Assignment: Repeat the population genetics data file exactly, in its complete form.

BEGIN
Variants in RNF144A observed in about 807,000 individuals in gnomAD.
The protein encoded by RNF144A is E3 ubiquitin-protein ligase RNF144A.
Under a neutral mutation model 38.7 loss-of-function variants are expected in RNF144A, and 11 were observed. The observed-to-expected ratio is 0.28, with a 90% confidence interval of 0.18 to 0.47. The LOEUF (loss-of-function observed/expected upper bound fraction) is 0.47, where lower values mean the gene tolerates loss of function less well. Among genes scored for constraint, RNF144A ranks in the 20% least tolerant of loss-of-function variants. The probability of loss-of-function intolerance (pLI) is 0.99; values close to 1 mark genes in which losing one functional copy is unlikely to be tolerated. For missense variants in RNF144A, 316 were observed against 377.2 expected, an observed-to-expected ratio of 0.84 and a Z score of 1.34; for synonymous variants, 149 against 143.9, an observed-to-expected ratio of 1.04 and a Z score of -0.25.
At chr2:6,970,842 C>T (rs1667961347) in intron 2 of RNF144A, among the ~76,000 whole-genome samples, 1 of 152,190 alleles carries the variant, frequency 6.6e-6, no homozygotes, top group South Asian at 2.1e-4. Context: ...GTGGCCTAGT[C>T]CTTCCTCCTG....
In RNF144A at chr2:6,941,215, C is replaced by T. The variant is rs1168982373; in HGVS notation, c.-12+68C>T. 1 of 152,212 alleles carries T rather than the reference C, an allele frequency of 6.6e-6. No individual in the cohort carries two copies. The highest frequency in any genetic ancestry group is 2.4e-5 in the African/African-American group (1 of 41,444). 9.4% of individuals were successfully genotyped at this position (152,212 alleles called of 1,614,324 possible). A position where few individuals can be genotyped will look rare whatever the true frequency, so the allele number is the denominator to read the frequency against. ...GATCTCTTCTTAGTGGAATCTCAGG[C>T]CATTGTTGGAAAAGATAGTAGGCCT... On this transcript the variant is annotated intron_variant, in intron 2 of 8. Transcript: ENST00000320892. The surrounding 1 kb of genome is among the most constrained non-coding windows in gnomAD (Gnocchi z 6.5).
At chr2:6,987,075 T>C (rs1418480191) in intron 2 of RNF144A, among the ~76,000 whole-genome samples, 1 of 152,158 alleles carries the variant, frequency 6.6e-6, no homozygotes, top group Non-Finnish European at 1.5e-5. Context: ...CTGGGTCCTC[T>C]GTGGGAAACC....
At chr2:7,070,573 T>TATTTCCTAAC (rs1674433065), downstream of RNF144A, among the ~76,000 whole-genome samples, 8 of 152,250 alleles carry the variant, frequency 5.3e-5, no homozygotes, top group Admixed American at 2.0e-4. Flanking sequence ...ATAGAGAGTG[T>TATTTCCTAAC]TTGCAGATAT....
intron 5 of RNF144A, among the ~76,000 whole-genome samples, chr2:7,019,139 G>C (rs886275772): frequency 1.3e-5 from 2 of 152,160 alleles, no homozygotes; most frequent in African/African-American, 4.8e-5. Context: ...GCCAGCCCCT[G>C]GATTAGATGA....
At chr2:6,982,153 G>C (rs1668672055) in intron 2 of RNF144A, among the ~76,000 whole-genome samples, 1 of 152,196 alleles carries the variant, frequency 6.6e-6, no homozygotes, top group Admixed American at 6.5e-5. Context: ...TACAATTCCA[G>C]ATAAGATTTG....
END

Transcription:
Variants in RNF144A observed in about 807,000 individuals in gnomAD.
The protein encoded by RNF144A is E3 ubiquitin-protein ligase RNF144A.
Under a neutral mutation model 38.7 loss-of-function variants are expected in RNF144A, and 11 were observed. The observed-to-expected ratio is 0.28, with a 90% confidence interval of 0.18 to 0.47. The LOEUF (loss-of-function observed/expected upper bound fraction) is 0.47, where lower values mean the gene tolerates loss of function less well. Among genes scored for constraint, RNF144A ranks in the 20% least tolerant of loss-of-function variants. The probability of loss-of-function intolerance (pLI) is 0.99; values close to 1 mark genes in which losing one functional copy is unlikely to be tolerated. For missense variants in RNF144A, 316 were observed against 377.2 expected, an observed-to-expected ratio of 0.84 and a Z score of 1.34; for synonymous variants, 149 against 143.9, an observed-to-expected ratio of 1.04 and a Z score of -0.25.
At chr2:6,970,842 C>T (rs1667961347) in intron 2 of RNF144A, among the ~76,000 whole-genome samples, 1 of 152,190 alleles carries the variant, frequency 6.6e-6, no homozygotes, top group South Asian at 2.1e-4. Context: ...GTGGCCTAGT[C>T]CTTCCTCCTG....
In RNF144A at chr2:6,941,215, C is replaced by T. The variant is rs1168982373; in HGVS notation, c.-12+68C>T. 1 of 152,212 alleles carries T rather than the reference C, an allele frequency of 6.6e-6. No individual in the cohort carries two copies. The highest frequency in any genetic ancestry group is 2.4e-5 in the African/African-American group (1 of 41,444). 9.4% of individuals were successfully genotyped at this position (152,212 alleles called of 1,614,324 possible). A position where few individuals can be genotyped will look rare whatever the true frequency, so the allele number is the denominator to read the frequency against. ...GATCTCTTCTTAGTGGAATCTCAGG[C>T]CATTGTTGGAAAAGATAGTAGGCCT... On this transcript the variant is annotated intron_variant, in intron 2 of 8. Transcript: ENST00000320892. The surrounding 1 kb of genome is among the most constrained non-coding windows in gnomAD (Gnocchi z 6.5).
At chr2:6,987,075 T>C (rs1418480191) in intron 2 of RNF144A, among the ~76,000 whole-genome samples, 1 of 152,158 alleles carries the variant, frequency 6.6e-6, no homozygotes, top group Non-Finnish European at 1.5e-5. Context: ...CTGGGTCCTC[T>C]GTGGGAAACC....
At chr2:7,070,573 T>TATTTCCTAAC (rs1674433065), downstream of RNF144A, among the ~76,000 whole-genome samples, 8 of 152,250 alleles carry the variant, frequency 5.3e-5, no homozygotes, top group Admixed American at 2.0e-4. Flanking sequence ...ATAGAGAGTG[T>TATTTCCTAAC]TTGCAGATAT....
intron 5 of RNF144A, among the ~76,000 whole-genome samples, chr2:7,019,139 G>C (rs886275772): frequency 1.3e-5 from 2 of 152,160 alleles, no homozygotes; most frequent in African/African-American, 4.8e-5. Context: ...GCCAGCCCCT[G>C]GATTAGATGA....
At chr2:6,982,153 G>C (rs1668672055) in intron 2 of RNF144A, among the ~76,000 whole-genome samples, 1 of 152,196 alleles carries the variant, frequency 6.6e-6, no homozygotes, top group Admixed American at 6.5e-5. Context: ...TACAATTCCA[G>C]ATAAGATTTG....